While the Germans were trying to represent the "sublime" in the majestic phenomena of nature, - those which inspire terror, or in the fantastic visions of the unconscious, a region which was then yet to be explored - for Paganini the expression of uneasiness can still be merely a Capriccio: a whim. Here it is an ideally, perfectly baroque Capriccio, where the heroic gesture is not that of the great heroes of mythology, but only that of a man who, on his artfully crafted wooden instrument, transcends the "weight" of things and of the concrete. Inebriated with freedom he flings himself into infinite space, secured by that "umbilical cord" which holds him firmly to a fixed point in the universe of sound: the tonality, the melodious framework, the technique of his instrument.
In Rolla's duets, for example, the cello is used even in the extreme high notes with brilliant technique, yet never departing from the rationality of the form and nature of the instrument. Rolla's inventions are thus simple and magnificent, polished to create accompaniments of great polyphonic effect; and all the richness of sound he can produce seems to be motivated solely by the pleasure of contemplating itself. The themes in fact are quite conventional, as though they need be nothing but mere pretexts for the creation of the greatest beauty of sound and of ensemble. Indeed everything is light, as if suspended in the network of a structure which is itself solid and reassuring, so that every emotion is expressed solely through virtuosity: from the fingers and from the bow, and from the ideas which these know how to soggest: emphasizing phrases with a variety of accents, attributing various timbres to various melodies, and thus succeeding in transforming musical suggestions ad infinitum thanks precisely to the simplicity, or rather the Apollonean rationality, of the ideas expounded and of their form.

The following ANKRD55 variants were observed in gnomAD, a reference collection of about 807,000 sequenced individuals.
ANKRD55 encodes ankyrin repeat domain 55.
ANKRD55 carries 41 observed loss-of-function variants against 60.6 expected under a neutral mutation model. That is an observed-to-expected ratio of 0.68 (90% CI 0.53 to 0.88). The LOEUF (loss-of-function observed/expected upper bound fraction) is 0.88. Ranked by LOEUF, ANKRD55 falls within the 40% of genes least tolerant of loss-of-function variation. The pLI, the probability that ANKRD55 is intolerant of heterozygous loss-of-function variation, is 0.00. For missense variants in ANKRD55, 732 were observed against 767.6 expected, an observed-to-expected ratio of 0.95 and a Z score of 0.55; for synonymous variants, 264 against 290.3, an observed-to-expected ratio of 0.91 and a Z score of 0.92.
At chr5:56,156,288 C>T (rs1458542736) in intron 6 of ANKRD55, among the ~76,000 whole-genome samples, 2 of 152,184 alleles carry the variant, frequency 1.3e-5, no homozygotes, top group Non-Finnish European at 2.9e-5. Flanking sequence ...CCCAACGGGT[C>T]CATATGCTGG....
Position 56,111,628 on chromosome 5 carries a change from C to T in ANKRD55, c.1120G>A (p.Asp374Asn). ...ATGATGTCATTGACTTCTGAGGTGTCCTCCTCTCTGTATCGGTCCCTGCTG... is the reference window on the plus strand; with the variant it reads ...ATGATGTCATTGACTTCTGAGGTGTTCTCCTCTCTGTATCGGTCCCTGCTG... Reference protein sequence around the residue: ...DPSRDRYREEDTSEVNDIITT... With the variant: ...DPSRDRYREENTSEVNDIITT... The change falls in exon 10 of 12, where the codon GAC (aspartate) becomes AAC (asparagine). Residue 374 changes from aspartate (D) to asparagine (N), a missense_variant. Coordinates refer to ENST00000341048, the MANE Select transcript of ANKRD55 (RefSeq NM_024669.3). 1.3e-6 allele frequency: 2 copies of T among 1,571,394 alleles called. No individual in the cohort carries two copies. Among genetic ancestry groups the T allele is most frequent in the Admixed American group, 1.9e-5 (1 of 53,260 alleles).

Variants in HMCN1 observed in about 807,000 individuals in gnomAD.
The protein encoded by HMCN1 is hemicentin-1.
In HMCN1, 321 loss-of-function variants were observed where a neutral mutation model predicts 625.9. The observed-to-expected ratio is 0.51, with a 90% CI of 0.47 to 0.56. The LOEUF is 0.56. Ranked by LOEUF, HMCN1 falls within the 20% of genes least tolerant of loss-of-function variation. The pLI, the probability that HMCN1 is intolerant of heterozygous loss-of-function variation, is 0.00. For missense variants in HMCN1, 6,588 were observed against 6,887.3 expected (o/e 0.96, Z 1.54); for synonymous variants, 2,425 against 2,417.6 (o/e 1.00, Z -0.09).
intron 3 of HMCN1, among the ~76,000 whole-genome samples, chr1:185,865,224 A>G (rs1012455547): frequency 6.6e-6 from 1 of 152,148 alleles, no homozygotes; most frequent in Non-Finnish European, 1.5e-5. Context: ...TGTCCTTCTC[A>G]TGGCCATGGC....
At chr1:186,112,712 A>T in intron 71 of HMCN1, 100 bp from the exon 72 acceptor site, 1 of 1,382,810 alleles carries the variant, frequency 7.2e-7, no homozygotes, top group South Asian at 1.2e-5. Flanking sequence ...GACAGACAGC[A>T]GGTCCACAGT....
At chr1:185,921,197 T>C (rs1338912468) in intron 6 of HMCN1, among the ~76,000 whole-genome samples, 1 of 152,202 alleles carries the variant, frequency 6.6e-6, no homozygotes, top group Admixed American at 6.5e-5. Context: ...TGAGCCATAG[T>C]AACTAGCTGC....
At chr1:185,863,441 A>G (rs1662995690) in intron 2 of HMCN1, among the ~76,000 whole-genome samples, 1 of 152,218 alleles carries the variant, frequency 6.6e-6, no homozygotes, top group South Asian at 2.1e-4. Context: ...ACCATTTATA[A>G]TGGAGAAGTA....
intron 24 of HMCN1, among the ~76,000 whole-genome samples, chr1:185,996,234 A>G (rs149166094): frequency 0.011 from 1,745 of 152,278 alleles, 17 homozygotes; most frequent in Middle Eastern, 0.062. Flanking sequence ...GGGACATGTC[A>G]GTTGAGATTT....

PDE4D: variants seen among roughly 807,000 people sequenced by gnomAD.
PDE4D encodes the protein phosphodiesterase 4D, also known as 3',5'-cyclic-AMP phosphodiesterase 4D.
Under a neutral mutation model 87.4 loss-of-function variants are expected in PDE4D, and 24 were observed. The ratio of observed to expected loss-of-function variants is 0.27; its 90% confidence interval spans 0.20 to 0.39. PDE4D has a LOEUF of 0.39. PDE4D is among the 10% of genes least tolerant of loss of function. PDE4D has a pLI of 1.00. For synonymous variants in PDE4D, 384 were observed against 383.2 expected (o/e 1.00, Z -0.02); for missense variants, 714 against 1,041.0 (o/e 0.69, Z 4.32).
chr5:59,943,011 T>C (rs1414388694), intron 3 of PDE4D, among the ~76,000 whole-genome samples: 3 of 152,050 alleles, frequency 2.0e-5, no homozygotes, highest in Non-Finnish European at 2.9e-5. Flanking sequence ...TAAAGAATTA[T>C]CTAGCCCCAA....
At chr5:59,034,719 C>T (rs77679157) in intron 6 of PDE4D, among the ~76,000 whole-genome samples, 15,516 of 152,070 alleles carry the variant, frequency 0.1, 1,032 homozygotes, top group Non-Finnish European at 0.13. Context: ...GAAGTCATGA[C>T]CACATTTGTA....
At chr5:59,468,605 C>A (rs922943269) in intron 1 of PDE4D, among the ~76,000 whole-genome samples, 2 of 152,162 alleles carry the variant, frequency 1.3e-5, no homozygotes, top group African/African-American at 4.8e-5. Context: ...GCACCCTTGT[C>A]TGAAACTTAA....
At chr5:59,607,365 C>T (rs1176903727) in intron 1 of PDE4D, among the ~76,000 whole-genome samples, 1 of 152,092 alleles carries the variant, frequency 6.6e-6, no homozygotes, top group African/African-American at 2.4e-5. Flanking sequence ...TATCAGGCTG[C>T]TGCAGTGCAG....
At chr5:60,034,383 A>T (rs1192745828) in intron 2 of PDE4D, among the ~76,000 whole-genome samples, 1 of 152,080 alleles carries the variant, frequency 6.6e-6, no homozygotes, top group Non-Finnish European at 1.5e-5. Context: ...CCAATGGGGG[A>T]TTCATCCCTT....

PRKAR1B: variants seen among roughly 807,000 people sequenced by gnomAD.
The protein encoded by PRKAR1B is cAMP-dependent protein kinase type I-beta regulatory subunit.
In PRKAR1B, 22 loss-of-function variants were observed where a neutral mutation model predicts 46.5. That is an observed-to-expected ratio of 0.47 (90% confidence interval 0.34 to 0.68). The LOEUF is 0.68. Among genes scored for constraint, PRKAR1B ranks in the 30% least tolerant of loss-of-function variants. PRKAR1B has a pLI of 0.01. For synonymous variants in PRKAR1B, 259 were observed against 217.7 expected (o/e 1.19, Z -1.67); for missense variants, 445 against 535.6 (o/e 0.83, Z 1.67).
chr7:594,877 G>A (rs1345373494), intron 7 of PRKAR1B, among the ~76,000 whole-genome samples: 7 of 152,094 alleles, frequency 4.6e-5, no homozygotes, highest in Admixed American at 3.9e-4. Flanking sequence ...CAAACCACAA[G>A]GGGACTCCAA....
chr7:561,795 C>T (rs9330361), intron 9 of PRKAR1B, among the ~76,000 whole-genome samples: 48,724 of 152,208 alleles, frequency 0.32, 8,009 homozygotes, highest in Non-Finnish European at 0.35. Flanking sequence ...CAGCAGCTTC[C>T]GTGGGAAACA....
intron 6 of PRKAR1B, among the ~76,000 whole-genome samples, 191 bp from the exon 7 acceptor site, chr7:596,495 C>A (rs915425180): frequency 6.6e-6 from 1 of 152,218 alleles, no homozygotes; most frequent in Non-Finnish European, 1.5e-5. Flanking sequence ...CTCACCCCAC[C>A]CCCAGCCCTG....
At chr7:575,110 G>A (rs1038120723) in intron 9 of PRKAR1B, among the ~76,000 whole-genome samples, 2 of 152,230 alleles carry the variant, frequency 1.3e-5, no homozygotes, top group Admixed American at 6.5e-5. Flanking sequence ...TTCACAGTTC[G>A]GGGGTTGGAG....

Both in Rolla and in these Paganini pieces, the care taken to "Italianize" their melodic phrase is revealed in the "luminous" expansiveness of the melody. The expression of melancholy always seems to be realized by sweetening the phrase to the point of yielding a sense of lack. The composition remains "energetic" as long as it continues to maintain itself within the strict dialogue among the two Concertante instruments, and every relaxation of the phrase is the site at which attention is arrested by the other: the one which before was accompaniment, now allowed with loving complicity to dominate.